The former director of public affairs for NYC Public Advocate Bill de Blasio will sue the city and the NYPD over injuries sustained during a scuffle at the West Indian Day Parade last year. You may recall the stupid incident, which was caught on cell phone video: Kirsten John Foy, City Councilmember Jumaane Williams (D-Brooklyn), and others were attempting to exit the parade when officers allowed them to pass through a "frozen zone" near the Brooklyn Museum. But toward the other side the officials encountered different cops who ordered them to turn back the way they came.

In the altercation that followed, Foy, who says he identified himself as a city official, was thrown to the ground and handcuffed. Paul J. Browne, the Police Department’s chief spokesman, subsequently told the Times that "a crowd formed and an unknown individual punched a police captain on the scene." The officer who was supposedly assaulted was never identified, and no assault charges brought against the mysterious perpetrator. The cop-punch is not seen in video that surfaced after the incident, but you can see an officer throwing Foy to the ground:

“When I was tripped, I felt something pop in my knee,” Foy tells the Daily News. “When I was lifted off the ground, rear-cuffed, something snapped in my shoulder." Foy had to undergo surgery for a fractured kneecap and torn ligament, and the News reports he needs another operation to repair a rotator cuff injury to his shoulder. Councilmember Williams, who is not a plaintiff in the lawsuit, said at the time, "If you believe a black person can punch a police officer in this city and nothing happens to him... I defy the NYPD to find one shred of evidence of any police officer being punched in the face."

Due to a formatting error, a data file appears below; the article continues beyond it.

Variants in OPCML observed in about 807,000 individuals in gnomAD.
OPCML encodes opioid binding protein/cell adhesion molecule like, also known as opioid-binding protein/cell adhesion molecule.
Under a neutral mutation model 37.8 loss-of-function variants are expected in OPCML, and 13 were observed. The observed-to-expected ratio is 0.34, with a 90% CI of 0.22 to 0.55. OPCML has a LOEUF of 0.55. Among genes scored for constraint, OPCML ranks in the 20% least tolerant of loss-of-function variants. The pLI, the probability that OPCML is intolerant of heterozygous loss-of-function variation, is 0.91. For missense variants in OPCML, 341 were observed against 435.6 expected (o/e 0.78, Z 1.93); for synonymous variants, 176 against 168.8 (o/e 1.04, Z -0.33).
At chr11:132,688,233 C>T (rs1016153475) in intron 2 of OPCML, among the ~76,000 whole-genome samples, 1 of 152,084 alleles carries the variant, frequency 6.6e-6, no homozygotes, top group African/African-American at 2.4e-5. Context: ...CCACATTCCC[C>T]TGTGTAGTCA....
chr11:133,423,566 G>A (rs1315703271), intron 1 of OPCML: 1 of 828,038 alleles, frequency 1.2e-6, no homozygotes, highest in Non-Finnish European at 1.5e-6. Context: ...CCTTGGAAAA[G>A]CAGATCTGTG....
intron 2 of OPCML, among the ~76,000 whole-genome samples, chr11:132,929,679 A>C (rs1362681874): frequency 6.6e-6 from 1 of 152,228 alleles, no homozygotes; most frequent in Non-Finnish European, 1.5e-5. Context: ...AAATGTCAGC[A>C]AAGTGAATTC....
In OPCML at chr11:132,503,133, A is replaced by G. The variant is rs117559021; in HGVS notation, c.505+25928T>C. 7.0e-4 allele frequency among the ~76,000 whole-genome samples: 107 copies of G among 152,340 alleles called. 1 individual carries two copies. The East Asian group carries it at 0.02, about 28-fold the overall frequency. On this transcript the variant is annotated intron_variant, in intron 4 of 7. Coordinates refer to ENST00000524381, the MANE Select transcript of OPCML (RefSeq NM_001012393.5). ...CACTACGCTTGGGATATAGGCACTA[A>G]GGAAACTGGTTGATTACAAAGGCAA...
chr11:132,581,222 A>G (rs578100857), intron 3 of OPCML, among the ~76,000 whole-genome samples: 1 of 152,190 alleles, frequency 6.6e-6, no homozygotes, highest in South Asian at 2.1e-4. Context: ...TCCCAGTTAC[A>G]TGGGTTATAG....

Internal Affairs investigators determined that an officer used excessive force when shoving Foy to the ground, and that a supervisor did not provide adequate supervision.The officer and the supervisor will receive command disciplines, while a third cop was reprimanded for not communicating that he had allowed the two men to pass through a checkpoint.

Foy says NYPD Commissioner Ray Kelly personally apologized for the incident. But Foy tells the News, "This isn’t just about what happened to me. It happens thousands of times daily to Latino and African-American men who don’t have a high profile like me to stand up and say something about it. The ultimate bottom line will be a change in policy and a change in police behavior."